No return cargo
A diverse range of clients are already taking extensive advantage of this option. The main draw for users is that the ‘carbon savings refund’ enables them to increase the sustainability of their logistics service. And when in the near future, the private sector is required to pay per tonne of carbon emissions, this reduction will also translate into financial savings for companies that have taken up this offer. The one-way containers are complementary to carriers’ own equipment – specifically that share of their containers that won’t be filled with return cargo. “Imagine a shipping company sends ten containers per week to Ireland, but only has enough freight to fill six containers on the return voyage. In this situation, the shipping company can benefit from henceforth using four of our one-way containers on its Ireland route, and leaving them there,” explains Ferreira. This client can use the carbon emissions saved through this solution to substantially reduce its carbon footprint.
K-tainer has been rewarded for this novel concept with a Lean & Green star, an international award recognising logistics companies that have truly explored every angle to reduce the sector’s carbon emissions. Carriers can fill the containers that would otherwise be shipped back empty. In addition, this solution removes the need for sending back an empty container after the first transport. K-tainer’s calculation, in which the company sets out to clients how much carbon emissions they can save with this solution, has been verified by Lean & Green’s auditor.
K-tainer trades in both used and new containers. Or, to be more precise: ‘once-used new’. “We have a new fleet of containers built in China, but of course, we don’t ship those empty either: we get a party to fill them with cargo. At least, that will again be our approach once the container market has recovered from its current situation.” According to Ferreira, the container sector was for many years a relatively stable market. But then Covid hit. Container manufacturers in China – the main centre of container production – saw next to no orders for new containers coming in since the market was expected to contract further due to the global pandemic.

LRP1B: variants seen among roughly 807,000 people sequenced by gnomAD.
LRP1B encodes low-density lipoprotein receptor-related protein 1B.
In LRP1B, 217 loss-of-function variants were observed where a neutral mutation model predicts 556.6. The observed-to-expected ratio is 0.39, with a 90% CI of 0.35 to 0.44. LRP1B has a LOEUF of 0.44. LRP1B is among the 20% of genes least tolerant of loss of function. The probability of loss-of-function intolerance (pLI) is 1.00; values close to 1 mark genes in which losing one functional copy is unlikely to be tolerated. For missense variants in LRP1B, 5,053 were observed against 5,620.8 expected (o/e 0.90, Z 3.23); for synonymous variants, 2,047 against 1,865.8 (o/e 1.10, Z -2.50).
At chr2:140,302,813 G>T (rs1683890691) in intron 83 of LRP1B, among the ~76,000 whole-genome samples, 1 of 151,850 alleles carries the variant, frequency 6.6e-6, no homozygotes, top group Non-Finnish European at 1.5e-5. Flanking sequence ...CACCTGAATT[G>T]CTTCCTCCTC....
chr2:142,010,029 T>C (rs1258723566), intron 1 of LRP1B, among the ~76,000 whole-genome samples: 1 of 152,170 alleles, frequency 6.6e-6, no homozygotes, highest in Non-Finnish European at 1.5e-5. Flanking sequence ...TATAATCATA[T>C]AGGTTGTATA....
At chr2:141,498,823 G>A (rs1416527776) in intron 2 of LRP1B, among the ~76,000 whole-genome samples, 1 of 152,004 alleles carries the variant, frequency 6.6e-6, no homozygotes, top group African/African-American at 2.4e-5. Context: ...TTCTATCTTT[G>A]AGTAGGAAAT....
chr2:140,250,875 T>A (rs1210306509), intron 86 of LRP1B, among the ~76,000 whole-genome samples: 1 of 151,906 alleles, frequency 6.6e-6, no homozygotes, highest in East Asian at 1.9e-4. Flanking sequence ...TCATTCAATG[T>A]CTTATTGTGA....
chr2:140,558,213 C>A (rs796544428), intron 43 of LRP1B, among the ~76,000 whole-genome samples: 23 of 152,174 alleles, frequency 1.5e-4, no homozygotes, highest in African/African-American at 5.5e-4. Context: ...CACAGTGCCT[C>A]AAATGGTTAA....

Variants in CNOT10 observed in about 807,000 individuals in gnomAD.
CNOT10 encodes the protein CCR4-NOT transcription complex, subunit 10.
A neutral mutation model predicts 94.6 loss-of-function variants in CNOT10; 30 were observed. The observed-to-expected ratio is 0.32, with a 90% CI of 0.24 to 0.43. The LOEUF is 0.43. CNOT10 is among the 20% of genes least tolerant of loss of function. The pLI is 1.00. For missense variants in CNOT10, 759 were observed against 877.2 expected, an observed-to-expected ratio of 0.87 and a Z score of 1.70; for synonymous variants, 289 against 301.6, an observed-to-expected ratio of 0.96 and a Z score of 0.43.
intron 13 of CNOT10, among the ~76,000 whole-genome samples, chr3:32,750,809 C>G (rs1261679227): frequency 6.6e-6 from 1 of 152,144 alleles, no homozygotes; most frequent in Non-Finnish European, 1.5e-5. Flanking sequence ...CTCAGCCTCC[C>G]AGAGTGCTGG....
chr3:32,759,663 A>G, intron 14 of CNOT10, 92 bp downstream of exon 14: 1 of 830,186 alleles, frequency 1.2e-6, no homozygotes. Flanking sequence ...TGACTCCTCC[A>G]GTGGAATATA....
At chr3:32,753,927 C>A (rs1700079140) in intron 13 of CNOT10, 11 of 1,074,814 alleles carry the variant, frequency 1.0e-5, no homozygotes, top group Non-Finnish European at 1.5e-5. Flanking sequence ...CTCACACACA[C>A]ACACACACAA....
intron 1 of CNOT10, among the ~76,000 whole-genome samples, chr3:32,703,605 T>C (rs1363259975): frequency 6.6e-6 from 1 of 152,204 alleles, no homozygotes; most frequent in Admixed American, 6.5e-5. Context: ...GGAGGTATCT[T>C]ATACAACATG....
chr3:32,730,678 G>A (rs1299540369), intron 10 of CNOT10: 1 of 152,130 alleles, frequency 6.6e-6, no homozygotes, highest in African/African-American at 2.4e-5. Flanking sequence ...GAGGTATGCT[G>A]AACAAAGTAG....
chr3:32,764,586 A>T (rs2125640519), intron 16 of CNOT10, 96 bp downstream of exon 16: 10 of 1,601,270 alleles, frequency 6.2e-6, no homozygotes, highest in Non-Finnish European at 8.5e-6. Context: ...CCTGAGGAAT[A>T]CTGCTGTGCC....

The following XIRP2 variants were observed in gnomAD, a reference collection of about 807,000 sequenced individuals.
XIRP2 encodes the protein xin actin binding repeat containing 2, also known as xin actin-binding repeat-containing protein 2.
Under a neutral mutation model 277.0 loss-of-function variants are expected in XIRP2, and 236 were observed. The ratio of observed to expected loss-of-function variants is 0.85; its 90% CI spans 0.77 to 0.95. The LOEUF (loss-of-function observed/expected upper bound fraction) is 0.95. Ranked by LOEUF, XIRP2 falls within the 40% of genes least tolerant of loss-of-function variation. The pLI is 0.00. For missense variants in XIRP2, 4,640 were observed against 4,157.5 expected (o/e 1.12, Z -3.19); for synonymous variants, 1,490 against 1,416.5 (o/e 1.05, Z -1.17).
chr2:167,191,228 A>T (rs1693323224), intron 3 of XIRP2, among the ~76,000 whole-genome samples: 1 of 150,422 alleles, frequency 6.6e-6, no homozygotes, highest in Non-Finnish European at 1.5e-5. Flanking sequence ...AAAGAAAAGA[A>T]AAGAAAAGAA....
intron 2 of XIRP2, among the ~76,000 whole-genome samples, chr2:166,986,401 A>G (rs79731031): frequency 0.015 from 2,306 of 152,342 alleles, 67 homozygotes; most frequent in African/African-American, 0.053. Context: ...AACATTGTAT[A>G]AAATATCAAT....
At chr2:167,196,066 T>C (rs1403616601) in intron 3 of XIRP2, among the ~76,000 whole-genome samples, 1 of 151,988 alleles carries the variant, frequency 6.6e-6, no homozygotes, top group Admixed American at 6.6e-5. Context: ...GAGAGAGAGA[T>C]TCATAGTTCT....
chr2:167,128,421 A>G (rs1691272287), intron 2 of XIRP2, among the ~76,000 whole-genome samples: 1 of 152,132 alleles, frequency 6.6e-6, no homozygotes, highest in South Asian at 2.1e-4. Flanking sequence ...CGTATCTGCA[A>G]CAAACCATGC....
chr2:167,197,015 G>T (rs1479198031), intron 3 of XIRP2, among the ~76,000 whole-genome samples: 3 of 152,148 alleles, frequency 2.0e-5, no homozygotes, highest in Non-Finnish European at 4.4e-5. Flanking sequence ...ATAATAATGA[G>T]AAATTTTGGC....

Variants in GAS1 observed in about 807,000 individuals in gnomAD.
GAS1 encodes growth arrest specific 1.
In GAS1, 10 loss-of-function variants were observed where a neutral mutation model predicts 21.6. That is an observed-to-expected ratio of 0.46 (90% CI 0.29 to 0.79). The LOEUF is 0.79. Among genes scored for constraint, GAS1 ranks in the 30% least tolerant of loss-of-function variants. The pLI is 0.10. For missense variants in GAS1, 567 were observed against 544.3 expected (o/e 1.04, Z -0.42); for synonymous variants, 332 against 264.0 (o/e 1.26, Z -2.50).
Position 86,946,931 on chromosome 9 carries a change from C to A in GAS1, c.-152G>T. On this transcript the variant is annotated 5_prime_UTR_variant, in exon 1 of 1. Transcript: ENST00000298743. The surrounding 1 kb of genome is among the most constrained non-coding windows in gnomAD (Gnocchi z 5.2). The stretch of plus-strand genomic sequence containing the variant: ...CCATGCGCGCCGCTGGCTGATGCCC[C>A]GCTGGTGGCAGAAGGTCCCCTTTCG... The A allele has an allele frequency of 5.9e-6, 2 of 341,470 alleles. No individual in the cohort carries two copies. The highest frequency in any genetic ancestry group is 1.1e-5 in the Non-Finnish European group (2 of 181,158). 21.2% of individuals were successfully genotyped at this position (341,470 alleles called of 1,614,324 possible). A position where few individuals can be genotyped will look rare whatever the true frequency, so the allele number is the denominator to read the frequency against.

Ferreira recounts how Covid also upended the container sector. “In mid-2020, we saw a strong recovery in the economy, and Chinese production was ramped up in response,” he explains. “The increase in cargo combined with capacity shortages at the shipping companies led to a new balance between supply and demand. Market forces drove the prices of freight shipping and containers to record highs. Right now, we still see a major shortage in containers and many ports are faced with huge delays. Ships still have to wait very long before they can be unloaded – particularly in the US and Europe. This results in yet further delays and a growing shortage of container units.
By now, the Chinese plants have received orders for hundreds of thousands of containers from shipping lines and lease companies. This has led to rising container prices – fuelled in part by a simultaneous increase in the price of raw materials – as well as mounting delivery times. “Fortunately, we still have ample stock for the time being,” says Ferreira. “But the normal sequence of A-B-C can change quite rapidly if B is suddenly taken out of the equation. That means we will need to stay creative in the period ahead.”